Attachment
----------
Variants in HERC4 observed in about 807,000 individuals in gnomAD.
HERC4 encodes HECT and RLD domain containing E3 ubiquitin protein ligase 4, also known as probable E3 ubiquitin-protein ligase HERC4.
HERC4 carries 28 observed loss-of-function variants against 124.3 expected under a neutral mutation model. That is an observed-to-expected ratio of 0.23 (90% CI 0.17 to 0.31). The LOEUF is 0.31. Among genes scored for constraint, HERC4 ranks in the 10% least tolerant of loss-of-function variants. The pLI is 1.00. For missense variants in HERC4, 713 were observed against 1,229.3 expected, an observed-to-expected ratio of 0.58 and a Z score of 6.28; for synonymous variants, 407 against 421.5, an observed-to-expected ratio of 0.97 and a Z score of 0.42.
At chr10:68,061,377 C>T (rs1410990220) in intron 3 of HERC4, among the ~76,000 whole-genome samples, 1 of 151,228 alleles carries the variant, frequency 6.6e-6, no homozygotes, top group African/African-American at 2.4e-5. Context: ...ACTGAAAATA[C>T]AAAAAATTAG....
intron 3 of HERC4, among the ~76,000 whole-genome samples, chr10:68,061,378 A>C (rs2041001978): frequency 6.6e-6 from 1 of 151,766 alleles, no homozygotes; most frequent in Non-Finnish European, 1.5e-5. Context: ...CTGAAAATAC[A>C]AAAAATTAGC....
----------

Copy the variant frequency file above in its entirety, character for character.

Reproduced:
Variants in HERC4 observed in about 807,000 individuals in gnomAD.
HERC4 encodes HECT and RLD domain containing E3 ubiquitin protein ligase 4, also known as probable E3 ubiquitin-protein ligase HERC4.
HERC4 carries 28 observed loss-of-function variants against 124.3 expected under a neutral mutation model. That is an observed-to-expected ratio of 0.23 (90% CI 0.17 to 0.31). The LOEUF is 0.31. Among genes scored for constraint, HERC4 ranks in the 10% least tolerant of loss-of-function variants. The pLI is 1.00. For missense variants in HERC4, 713 were observed against 1,229.3 expected, an observed-to-expected ratio of 0.58 and a Z score of 6.28; for synonymous variants, 407 against 421.5, an observed-to-expected ratio of 0.97 and a Z score of 0.42.
At chr10:68,061,377 C>T (rs1410990220) in intron 3 of HERC4, among the ~76,000 whole-genome samples, 1 of 151,228 alleles carries the variant, frequency 6.6e-6, no homozygotes, top group African/African-American at 2.4e-5. Context: ...ACTGAAAATA[C>T]AAAAAATTAG....
intron 3 of HERC4, among the ~76,000 whole-genome samples, chr10:68,061,378 A>C (rs2041001978): frequency 6.6e-6 from 1 of 151,766 alleles, no homozygotes; most frequent in Non-Finnish European, 1.5e-5. Context: ...CTGAAAATAC[A>C]AAAAATTAGC....